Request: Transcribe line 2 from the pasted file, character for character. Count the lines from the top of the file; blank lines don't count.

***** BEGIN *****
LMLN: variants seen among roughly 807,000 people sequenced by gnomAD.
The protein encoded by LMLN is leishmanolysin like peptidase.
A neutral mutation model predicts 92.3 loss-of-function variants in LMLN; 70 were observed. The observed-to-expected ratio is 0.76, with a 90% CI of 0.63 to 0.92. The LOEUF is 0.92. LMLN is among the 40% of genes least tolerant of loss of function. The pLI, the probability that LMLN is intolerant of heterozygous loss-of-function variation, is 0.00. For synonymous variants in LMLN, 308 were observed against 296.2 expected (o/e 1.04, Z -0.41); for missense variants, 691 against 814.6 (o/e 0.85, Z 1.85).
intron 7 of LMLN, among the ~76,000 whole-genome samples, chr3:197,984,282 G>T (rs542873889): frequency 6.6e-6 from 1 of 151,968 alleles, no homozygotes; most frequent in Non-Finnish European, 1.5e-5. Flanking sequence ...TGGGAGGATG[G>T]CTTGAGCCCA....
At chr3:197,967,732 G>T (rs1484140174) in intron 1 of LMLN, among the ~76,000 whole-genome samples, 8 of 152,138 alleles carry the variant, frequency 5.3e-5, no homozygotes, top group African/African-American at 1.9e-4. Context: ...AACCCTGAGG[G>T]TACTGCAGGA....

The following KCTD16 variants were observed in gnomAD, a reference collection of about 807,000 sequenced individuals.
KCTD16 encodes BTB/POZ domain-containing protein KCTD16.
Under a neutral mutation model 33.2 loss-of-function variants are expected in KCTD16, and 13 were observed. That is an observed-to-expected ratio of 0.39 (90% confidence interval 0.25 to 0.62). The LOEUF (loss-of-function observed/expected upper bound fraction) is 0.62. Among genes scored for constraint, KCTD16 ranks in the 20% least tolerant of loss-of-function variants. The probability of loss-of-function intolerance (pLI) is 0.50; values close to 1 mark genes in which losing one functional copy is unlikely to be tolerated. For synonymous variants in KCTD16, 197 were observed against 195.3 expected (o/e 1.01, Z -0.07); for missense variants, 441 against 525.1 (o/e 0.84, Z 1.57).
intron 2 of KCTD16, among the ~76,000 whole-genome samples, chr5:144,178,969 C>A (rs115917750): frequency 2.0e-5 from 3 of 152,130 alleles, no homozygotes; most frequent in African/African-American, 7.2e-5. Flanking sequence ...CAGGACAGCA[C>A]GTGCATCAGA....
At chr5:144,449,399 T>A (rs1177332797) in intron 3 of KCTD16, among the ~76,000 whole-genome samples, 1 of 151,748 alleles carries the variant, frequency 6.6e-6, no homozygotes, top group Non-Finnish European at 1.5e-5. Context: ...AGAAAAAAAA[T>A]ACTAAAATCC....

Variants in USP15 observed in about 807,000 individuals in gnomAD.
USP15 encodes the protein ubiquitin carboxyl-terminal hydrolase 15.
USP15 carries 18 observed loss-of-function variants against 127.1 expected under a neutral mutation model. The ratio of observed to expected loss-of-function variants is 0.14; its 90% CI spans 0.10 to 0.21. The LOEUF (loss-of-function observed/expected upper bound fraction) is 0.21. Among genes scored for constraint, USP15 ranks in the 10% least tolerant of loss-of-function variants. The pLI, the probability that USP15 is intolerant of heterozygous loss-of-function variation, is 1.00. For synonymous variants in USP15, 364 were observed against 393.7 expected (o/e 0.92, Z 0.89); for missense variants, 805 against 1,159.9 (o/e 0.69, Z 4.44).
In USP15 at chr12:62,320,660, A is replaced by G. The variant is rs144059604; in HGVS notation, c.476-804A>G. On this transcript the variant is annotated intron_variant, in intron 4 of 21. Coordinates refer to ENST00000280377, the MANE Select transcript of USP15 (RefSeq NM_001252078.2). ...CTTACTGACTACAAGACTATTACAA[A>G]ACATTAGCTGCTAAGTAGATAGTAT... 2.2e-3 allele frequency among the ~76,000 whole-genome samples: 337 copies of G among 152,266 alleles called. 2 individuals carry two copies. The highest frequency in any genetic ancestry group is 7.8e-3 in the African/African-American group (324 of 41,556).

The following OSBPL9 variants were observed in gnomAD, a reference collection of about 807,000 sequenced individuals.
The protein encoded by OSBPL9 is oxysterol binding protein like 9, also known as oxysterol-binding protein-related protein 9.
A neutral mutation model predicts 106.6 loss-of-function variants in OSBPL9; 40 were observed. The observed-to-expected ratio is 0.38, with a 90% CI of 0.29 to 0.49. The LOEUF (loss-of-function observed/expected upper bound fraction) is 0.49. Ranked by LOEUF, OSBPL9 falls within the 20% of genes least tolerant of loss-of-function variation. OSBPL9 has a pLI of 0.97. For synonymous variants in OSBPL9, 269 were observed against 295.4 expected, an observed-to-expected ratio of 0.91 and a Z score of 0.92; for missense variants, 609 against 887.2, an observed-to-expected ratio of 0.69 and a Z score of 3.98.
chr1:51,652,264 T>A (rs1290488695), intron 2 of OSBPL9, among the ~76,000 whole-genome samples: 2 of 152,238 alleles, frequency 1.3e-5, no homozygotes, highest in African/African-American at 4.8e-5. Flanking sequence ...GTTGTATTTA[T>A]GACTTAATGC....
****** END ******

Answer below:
The protein encoded by LMLN is leishmanolysin like peptidase.